airport company. Perth Sanford Orlando Skavsta Stockholm South Africa: ACSA Germany: Hanover New Zealand: Wellington Australia:a 15 remaining major Australian airports (except Sydney) UK: Humberside US: Stewart Internationalb Belgium: Liege US: Niagara Fallsb Italy: Rome Italy: Turin Germany: Hamburg UK: Newcastle Australia:a Sydney 1990 1992 1993 1994 1995 1995 1996 1997 1997 1997 1997 1997 1997 1997 1997 1998 1998 1998 1998 1998 1999 1999 1999 2000 2000 2000 2000 2001 2002 British Aerospace British Aerospace National Express Regional Airports Ltd TBI National Express TBI Aer Rianta/Natwest Ventures (40%) Other investors (11%) Firstbus Peel Holdings Wiggins Hochtief and Aer Rianta consortium BAA Various TBI TBI ADRI South Africa consortium (Aeroporti di Roma had 69% share) Fraport Infratil Various Manchester airport National Express AdP Cintro Leonardo consortium Benetton Group consortium Hochtief and Aer Rianta consortium Copenhagen airport Macquarie/Hochtief consortium Notes: a Most of the Australian airports have been sold on a 50-year lease with an option for a further 49 years. 1998). with over US$800 million being spent in the first five years. The consortium has agreed to pay an annual US$171 million a year for the first 5 years of the agreement. After that time. Melbourne. 22 . the airport services company.Managing Airports Table 2.2 Airport Airport privatization through trade sales Date Share of airport sold (%) 76 100 100 100 100 100 100 51 51 76 100 50 65 100 100 90 20 30 66 100 83 100 25 100 51 41 36 49 100 Main buyer UK: Liverpool UK: Prestwick UK: East Midlands UK: Southend UK: Cardiff UK: Bournemouth UK: Belfast International UK: Birmingham UK: Bristol UK: Liverpool UK: Kent International Germany: Dusseldorf Italy: Naples Australia:a Brisbane. and Ogden. The consortium has also agreed to invest US$2. primarily at the two Buenos Aires airports (Gray. b Ninety-nine-year lease.1 billion at the airports in the 30 years. the concession fee will be related to traffic growth.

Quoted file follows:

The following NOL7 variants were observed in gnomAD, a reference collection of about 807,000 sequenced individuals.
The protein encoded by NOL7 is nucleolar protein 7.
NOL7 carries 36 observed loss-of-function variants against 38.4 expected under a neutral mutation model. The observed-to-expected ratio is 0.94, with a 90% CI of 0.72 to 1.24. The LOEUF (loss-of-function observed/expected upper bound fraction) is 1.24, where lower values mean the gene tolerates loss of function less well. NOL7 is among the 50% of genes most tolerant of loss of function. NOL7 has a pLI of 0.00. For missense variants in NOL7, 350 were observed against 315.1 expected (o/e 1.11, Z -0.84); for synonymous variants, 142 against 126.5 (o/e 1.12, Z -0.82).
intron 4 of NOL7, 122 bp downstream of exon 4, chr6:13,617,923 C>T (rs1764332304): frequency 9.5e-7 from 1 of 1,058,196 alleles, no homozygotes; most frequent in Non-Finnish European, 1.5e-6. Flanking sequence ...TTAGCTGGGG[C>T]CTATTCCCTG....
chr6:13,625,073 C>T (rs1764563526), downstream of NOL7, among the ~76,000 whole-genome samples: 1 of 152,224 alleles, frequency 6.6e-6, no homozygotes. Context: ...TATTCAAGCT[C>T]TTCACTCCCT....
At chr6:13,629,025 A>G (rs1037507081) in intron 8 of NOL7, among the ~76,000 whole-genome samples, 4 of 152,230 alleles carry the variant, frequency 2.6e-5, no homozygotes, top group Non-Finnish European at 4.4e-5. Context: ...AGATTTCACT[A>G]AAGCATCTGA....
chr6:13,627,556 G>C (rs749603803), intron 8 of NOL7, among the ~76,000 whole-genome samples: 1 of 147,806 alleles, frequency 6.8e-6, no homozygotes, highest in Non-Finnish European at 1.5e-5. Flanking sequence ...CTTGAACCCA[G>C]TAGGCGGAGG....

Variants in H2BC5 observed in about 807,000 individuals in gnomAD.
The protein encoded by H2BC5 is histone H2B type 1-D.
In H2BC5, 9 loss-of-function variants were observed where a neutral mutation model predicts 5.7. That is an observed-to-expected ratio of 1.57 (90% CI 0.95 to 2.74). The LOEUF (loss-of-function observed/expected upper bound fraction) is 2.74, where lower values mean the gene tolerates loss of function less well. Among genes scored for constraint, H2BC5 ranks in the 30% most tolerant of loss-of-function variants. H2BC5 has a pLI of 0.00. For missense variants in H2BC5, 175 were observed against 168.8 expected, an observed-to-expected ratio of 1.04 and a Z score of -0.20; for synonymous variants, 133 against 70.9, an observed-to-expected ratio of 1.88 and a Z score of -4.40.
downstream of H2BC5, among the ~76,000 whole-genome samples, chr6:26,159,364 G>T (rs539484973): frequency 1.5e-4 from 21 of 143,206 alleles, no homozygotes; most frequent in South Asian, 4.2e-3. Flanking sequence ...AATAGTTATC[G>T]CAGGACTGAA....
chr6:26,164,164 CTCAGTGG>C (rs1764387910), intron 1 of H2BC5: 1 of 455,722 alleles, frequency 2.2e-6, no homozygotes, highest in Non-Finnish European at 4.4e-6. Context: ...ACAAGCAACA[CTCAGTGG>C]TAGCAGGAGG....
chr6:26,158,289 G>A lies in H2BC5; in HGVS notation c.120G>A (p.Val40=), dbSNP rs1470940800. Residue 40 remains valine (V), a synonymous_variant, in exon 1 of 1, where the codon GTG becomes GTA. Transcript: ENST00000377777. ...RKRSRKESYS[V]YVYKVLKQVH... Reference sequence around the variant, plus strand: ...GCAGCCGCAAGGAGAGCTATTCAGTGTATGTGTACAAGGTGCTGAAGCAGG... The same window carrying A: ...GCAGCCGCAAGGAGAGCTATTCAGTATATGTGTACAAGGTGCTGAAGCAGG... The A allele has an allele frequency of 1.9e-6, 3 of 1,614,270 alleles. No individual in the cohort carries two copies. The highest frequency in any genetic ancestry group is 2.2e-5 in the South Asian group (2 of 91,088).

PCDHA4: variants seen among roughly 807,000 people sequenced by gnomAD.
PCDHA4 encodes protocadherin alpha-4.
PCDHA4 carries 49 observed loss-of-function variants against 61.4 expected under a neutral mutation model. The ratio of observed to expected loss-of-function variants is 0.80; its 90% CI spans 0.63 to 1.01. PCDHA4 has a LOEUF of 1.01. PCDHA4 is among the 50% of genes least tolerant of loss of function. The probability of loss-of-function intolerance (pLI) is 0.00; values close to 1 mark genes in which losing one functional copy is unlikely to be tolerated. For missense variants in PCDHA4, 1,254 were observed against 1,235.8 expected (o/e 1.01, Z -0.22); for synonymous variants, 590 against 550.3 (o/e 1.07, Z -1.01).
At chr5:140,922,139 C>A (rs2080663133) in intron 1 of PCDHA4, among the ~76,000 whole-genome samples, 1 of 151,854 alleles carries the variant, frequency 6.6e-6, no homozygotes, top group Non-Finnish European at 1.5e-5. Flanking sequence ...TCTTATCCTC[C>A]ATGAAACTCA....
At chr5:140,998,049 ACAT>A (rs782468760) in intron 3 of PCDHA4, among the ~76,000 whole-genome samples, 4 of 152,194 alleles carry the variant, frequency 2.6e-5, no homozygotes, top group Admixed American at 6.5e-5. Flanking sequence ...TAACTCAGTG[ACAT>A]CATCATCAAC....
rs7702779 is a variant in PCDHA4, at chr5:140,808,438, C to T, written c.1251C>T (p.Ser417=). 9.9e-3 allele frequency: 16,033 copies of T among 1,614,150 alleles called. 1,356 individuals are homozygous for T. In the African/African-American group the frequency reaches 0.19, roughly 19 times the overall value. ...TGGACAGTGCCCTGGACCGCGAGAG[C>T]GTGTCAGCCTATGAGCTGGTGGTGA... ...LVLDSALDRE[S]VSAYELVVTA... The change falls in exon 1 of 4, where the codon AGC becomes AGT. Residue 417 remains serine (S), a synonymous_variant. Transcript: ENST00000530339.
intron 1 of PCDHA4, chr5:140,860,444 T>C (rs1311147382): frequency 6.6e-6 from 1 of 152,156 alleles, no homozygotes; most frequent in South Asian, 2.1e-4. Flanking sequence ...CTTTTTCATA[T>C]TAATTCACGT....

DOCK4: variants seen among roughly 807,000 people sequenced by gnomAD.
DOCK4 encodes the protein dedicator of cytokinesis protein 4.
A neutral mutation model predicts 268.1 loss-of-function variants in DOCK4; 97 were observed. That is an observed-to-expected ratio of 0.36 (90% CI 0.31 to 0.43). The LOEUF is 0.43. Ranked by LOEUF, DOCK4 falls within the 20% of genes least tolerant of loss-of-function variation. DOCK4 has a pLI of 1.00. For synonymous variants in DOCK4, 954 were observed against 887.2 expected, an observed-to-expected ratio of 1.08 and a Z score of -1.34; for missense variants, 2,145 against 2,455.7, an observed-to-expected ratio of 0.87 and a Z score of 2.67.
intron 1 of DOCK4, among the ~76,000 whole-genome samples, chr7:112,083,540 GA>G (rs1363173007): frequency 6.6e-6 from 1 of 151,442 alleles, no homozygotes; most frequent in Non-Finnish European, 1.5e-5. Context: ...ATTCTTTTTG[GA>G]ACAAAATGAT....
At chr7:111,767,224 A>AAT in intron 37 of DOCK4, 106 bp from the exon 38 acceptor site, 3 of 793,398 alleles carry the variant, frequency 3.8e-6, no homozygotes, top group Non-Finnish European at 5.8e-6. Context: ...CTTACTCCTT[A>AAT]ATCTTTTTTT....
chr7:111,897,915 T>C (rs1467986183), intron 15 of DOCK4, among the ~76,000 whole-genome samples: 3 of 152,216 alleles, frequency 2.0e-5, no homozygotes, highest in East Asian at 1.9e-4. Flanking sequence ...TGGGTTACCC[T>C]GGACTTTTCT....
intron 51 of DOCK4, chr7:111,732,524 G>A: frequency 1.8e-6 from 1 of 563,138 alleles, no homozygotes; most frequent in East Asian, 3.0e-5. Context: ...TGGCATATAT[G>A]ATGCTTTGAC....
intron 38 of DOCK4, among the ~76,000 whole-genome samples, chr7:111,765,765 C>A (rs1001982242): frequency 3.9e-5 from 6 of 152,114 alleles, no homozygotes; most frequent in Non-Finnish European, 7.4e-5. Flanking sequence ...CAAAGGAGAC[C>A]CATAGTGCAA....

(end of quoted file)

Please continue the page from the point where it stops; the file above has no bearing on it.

1999). ownership will revert back to the government owners. as the name suggests. Generally such an arrangement will require no upfront payment but the operating company will bear all the costs of building or re-developing the facility. Costa Rica. for a certain length of time. and it is planned that there will be a subsequent flotation of remaining government shares as well – this has already happened with the Southeast Group ASUR. the airport company will take full economic risk for investment and operations. traffic growth is predicted to be high but in many cases the infrastructure is inadequate and the governments are unwilling or unable to invest in the airports (Ricover. a company will usually build or redevelop and then operate an airport or specific facility. operate it for a certain length of time. There are a number of project finance privatization methods with the most popular being build–operate–transfer (BOT) when. for example. 1998). Cintra. with this type of arrangement. the Southeast Group. the government owner will have a greater degree of control than with an outright sale. an identical share of the North Central Group was sold to an AdP consortium. and AGI (which was subsequently bought by TBI in 1999) was given the 30-year concession to run the airport in 1998. Since the privatized airport will only be handed over for a fixed period of time. This has proved more politically acceptable in some countries. At the end of this period. This arrangement involves paying an initial annual concession fee of US$19 million which will increase as passenger traffic grows (Communique Airport Business. Concession contracts have been awarded or are planned for each group for an initial 15-year period with an underlying 50-year agreement. In 2000. Other countries which have concession agreements for their airports include the Dominican Republic. Other options may actually involve the ownership of the facility such as build–own–operate–transfer (BOOT) 23 . Chile. 15 per cent of this group (which includes the airports of Cancun and Merida) was sold to a consortium which included Copenhagen airport and the construction company. Barclays have subsequently sold off their interest in this airport. as a key partner. rather than a flotation or trade sale.The changing nature of airports Generally. such as a terminal. the Spanish airport group. the concessionaire will take full economic risk and will be responsible for all operations and future investment. Peru. At Luton airport in the United Kingdom. Bechtel Enterprises. Here. There will be a strategic partner with each group.3). In 1999. and then transfer ownership back to the government. 15 per cent of the Pacific Group of twelve airports was sold to a consortium with AENA. Project finance privatization With this option. namely the North-Central Group. Other similar models include build–transfer (BT). The situation is rather different in Mexico where the country’s 58 airports have been divided into four groups. and the Mexico City Group. the company will have to cover the operating costs but will also retain all revenues until the facility is handed back. a consortium originally consisting of Barclays Investment. Thus. since the local government owners had promised not to relinquish total control of this publicly owned asset to private hands. build–rent–transfer (BRT). and Tanzania (Table 2. the Pacific Group. in South America where a number of concession arrangements were negotiated in the late 1990s. A concessionaire-type arrangement was chosen. In 1998. the company will build the facility. or design– construct– manage–finance (DCMF). Uruquay. When it is built.